With the federal budget finally being passed in November, public health did not fare well, despite the rhetoric that prevention is the key to reducing chronic conditions. But why should it when it does not fare well at the state level?
Funds derived from the master tobacco settlement were to go to public health programs for reducing tobacco use, increasing physical activity and encouraging better eating habits — the settlement funds were to help states recover medical and societal costs of tobacco users, particularly Medicaid-like programs — but legislatures nationally just spent it willy-nilly, with North Carolina proving to be no exception.
What I found more interesting is that Congress again did not address the issue of the value of potatoes and ketchup in a positive manner as it relates to school meals. Efforts were made to reduce potatoes (actually starchy foods) to two servings per week (per a recommendation of the Institute of Medicine). Instead potatoes are not limited at all. Of course, all these complex sugars (starches) eventually become glucose and are no better than simple sugars. To further muddy the water, in 2004 a federal judge ruled that batter-coated french fries were a fresh vegetable. You wonder what age he was.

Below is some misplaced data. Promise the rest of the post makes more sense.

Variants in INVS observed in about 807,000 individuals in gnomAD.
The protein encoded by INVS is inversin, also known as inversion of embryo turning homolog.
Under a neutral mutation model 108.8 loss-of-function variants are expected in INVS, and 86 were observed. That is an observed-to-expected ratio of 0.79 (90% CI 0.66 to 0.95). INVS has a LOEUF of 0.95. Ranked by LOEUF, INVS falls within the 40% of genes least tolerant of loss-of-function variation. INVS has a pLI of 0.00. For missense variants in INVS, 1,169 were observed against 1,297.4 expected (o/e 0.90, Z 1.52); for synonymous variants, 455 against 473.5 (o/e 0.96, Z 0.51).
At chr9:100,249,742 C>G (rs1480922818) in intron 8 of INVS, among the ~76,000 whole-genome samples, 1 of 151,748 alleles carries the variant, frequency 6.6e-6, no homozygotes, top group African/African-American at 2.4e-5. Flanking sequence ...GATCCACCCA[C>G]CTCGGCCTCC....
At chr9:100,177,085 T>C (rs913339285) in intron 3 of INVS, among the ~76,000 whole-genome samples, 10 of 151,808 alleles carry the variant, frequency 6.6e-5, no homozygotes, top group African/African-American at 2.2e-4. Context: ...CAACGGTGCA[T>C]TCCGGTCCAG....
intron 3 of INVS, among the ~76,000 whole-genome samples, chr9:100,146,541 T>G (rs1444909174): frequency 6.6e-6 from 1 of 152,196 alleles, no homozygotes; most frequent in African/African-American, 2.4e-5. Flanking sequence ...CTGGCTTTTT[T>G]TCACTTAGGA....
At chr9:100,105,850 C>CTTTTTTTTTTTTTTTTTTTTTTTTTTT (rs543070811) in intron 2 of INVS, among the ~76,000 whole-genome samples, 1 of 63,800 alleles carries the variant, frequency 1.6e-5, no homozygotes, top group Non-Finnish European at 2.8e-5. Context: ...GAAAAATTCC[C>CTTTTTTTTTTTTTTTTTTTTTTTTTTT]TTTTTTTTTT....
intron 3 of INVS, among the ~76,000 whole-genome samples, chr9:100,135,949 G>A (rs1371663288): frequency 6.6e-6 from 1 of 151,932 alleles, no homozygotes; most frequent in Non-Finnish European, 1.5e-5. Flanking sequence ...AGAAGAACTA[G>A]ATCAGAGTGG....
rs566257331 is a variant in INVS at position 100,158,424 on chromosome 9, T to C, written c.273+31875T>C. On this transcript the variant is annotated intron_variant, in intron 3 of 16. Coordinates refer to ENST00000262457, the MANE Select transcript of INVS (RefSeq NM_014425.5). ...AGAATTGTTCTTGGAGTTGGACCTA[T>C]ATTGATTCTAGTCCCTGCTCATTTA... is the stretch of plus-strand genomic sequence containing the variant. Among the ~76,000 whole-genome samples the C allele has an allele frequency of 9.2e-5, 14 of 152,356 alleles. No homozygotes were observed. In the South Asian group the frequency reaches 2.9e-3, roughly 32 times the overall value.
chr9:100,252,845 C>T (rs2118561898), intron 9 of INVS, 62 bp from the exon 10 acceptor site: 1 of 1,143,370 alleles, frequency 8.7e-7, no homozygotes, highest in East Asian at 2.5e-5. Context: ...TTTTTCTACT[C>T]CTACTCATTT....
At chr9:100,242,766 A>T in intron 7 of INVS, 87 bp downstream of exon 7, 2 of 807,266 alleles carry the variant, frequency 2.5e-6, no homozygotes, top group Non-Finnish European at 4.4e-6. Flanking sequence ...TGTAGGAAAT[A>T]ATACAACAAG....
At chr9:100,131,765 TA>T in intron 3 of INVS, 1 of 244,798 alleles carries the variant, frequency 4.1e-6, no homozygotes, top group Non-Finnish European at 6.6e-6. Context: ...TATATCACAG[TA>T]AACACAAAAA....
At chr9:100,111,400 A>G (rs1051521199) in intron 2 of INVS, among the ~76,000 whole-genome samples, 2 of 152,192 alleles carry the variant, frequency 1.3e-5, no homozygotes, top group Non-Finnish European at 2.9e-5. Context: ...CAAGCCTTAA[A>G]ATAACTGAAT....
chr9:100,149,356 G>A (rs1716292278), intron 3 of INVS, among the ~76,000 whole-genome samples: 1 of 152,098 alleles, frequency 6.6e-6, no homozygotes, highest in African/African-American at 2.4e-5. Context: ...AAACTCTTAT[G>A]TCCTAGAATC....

The old “is ketchup a vegetable?” argument again raised its head. Thirty years ago, President Reagan’s proposed budget equated to a $1 billion cut to the school lunch program — at the same time the White House purchased $209,000 of new china (this was pre-yard sale and flea market days) — and the USDA was required to come up with a plan to implement it. One of the expressions coined at that time was “plate waste,” which referenced lima beans and associates that languished on the plate until discarded. It was felt that by changing definitions of a credit from actual volume to a single-strength reconstituted basis, one could get more credit.
For instance, one tablespoon of tomato paste could be counted as 1/4-cup single-strength tomato juice (instead of one tablespoon credit previously). Thus ketchup would be counted as a vegetable. No less authority than Republican Sen. John Heinz (whose family owns Heinz ketchup and whose widow wound-up marrying John Kerry) stated: “Ketchup is a condiment. This is one of the most ridiculous regulations I ever heard of, and I suppose, I need not add that I know something about ketchup and relish — or did.” So the logic was do you have the kids eat less expensive ketchup or not eat the more expensive vegetables. Costs won out. In the 1990s, President Clinton did add salsa as a vegetable but properly prepared salsa certainly has a lot more vegetable-like qualities.
So moving from 1981 to 2011 and with all the data known about obesity rates, surely a stance would be taken. Indeed it was: Congress passed a bill that bans the USDA from changing its nutritional guidelines for school lunches. Unfortunately, industry lobbying ruled another day. So until the kids get as big and round as ticks, let us ensure that they get as many french fries with a generous side of ketchup as they want. It must be good for them, or so Congress thinks.
— Bill Smith is director of the Robeson County Health Department.